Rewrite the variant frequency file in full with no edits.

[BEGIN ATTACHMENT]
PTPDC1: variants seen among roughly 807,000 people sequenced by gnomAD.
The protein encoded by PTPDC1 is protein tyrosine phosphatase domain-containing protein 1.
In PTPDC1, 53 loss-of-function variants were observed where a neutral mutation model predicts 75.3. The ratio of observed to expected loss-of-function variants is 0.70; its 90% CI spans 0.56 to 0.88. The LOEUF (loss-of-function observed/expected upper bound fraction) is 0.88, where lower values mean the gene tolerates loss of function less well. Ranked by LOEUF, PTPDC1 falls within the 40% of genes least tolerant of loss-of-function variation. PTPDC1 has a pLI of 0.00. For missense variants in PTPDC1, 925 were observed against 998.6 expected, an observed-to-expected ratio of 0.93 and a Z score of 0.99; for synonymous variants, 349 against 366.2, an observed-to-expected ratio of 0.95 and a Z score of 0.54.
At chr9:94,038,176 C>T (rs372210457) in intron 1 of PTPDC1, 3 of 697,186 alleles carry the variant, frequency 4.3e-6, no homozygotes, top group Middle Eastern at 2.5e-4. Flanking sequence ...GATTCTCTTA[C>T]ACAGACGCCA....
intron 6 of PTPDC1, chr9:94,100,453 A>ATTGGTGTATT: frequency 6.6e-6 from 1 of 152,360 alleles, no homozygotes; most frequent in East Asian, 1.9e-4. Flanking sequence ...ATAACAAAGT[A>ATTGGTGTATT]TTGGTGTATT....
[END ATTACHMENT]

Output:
PTPDC1: variants seen among roughly 807,000 people sequenced by gnomAD.
The protein encoded by PTPDC1 is protein tyrosine phosphatase domain-containing protein 1.
In PTPDC1, 53 loss-of-function variants were observed where a neutral mutation model predicts 75.3. The ratio of observed to expected loss-of-function variants is 0.70; its 90% CI spans 0.56 to 0.88. The LOEUF (loss-of-function observed/expected upper bound fraction) is 0.88, where lower values mean the gene tolerates loss of function less well. Ranked by LOEUF, PTPDC1 falls within the 40% of genes least tolerant of loss-of-function variation. PTPDC1 has a pLI of 0.00. For missense variants in PTPDC1, 925 were observed against 998.6 expected, an observed-to-expected ratio of 0.93 and a Z score of 0.99; for synonymous variants, 349 against 366.2, an observed-to-expected ratio of 0.95 and a Z score of 0.54.
At chr9:94,038,176 C>T (rs372210457) in intron 1 of PTPDC1, 3 of 697,186 alleles carry the variant, frequency 4.3e-6, no homozygotes, top group Middle Eastern at 2.5e-4. Flanking sequence ...GATTCTCTTA[C>T]ACAGACGCCA....
intron 6 of PTPDC1, chr9:94,100,453 A>ATTGGTGTATT: frequency 6.6e-6 from 1 of 152,360 alleles, no homozygotes; most frequent in East Asian, 1.9e-4. Flanking sequence ...ATAACAAAGT[A>ATTGGTGTATT]TTGGTGTATT....